Do the stretches
Grab two dumbbells that are slightly heavier than what you would normally use for a set of pec flys. Lie on a flat or incline bench and lower the dumbbells as if you are doing flys. Go as low as you can go and hold that position, making sure to keep your hands wider than your elbows. Keep a slight bend in your elbows to avoid shoulder strain. Hold this position for 30-60 seconds, and if you can, eventually 90 seconds. Experiment targeting different areas of the chest by changing the angles of the bench.
Get to a cable and start with the handles on the lowest position. Reach behind your back as if you are about to perform a behind the back cable lateral raise with a weight heavy enough to feel a deep stretch in the delts. Pick up the handle and lean away from the stack, letting the weight stack pull on your shoulder. Repeat this stretch with your hand directly behind your back and leaning forward, which hits the anterior delts.
Focus on standard mass building exercises for triceps like skullcrushers, close-grip presses, and press downs. Pick a weight that’s a little heavier than your heaviest set. Sit down on a flat bench, and slowly lower the weight behind your head as if to do a triceps extension. When you reach the maximum stretch deep in the triceps, hold that position.
You can stretch your lats by hanging from a pullup bar. Use either a wide or shoulder-width grip, and hang from the bar. With controlled breathing, allow your body to relax so it can increase the stretch. If necessary, you can add weight.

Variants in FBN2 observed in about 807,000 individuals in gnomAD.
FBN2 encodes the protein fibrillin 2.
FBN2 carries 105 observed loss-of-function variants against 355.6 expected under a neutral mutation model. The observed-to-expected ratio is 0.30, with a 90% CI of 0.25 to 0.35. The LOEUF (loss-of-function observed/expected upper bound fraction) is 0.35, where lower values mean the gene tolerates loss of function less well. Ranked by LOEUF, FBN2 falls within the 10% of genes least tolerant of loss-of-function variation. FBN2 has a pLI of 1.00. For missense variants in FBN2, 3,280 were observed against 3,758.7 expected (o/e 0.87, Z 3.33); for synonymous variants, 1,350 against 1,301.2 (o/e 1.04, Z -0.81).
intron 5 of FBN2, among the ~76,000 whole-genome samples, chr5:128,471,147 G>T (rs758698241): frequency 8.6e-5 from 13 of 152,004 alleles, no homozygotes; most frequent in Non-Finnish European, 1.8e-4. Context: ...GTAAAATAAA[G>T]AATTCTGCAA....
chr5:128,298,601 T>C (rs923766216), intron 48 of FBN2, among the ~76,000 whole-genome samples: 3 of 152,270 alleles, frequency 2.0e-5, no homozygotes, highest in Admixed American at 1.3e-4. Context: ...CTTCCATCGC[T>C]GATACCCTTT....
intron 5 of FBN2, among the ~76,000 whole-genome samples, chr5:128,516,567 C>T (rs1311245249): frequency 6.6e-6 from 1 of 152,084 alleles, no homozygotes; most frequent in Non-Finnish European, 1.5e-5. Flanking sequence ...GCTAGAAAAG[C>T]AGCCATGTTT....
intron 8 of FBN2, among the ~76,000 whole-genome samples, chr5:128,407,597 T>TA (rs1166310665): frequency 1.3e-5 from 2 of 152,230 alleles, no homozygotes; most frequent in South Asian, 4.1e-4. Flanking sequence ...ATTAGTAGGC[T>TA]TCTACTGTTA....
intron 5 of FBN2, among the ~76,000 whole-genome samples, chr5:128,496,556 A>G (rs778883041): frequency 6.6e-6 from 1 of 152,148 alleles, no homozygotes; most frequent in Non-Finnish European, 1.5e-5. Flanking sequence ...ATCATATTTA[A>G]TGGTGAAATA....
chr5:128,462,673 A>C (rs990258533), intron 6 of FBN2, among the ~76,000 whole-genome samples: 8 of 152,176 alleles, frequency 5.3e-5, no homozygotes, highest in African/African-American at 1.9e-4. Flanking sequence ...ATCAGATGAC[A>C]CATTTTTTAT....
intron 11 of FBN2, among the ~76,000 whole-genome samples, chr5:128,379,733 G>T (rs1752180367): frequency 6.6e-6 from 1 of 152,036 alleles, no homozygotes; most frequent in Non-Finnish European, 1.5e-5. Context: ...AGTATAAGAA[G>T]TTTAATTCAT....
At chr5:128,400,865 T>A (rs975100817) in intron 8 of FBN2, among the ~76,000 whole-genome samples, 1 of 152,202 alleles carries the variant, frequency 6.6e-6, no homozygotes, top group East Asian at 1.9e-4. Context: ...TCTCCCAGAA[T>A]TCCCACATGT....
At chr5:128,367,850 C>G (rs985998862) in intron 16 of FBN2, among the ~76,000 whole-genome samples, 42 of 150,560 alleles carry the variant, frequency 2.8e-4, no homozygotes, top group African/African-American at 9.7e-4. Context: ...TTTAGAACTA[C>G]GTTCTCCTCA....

Lie on a low-incline bench and curl a heavy dumbbell until you reach peak contraction at the top. Slowly lower the weight down until you feel major resistance from the dumbbell. You can also use a vertical bar with one hand. Keep your arm straight and rotate your shoulder away until you maximize the pressure on your biceps. Be sure to do both arms.
Face a barbell or smith machine with the bar about hip high. Grip the bar and sink down, putting your knees under the barbell to do a sissy squat underneath it, while also going up on your toes. Straighten your arms and lean as far back as you can. Hold for 60-90 seconds, and within 4 weeks you will be amazed at the difference.
Increase the intensity of a classic hurdler’s stretch by lifting one leg to rest your ankle on a bar or high platform above hip level. Keep that leg straight and the other leg planted on the floor. Press down until you reach the point of maximum tension and then hold. Increase tension further by continuing to press your hips down while also trying to tough your face to your knee.
Get set up under a standing calf raise machine. Load the stack with as much weight as you would use for a set of 8 reps. Contract your calves at the top, then slowly lower yourself down to a maximum stretch where your heels are below the platform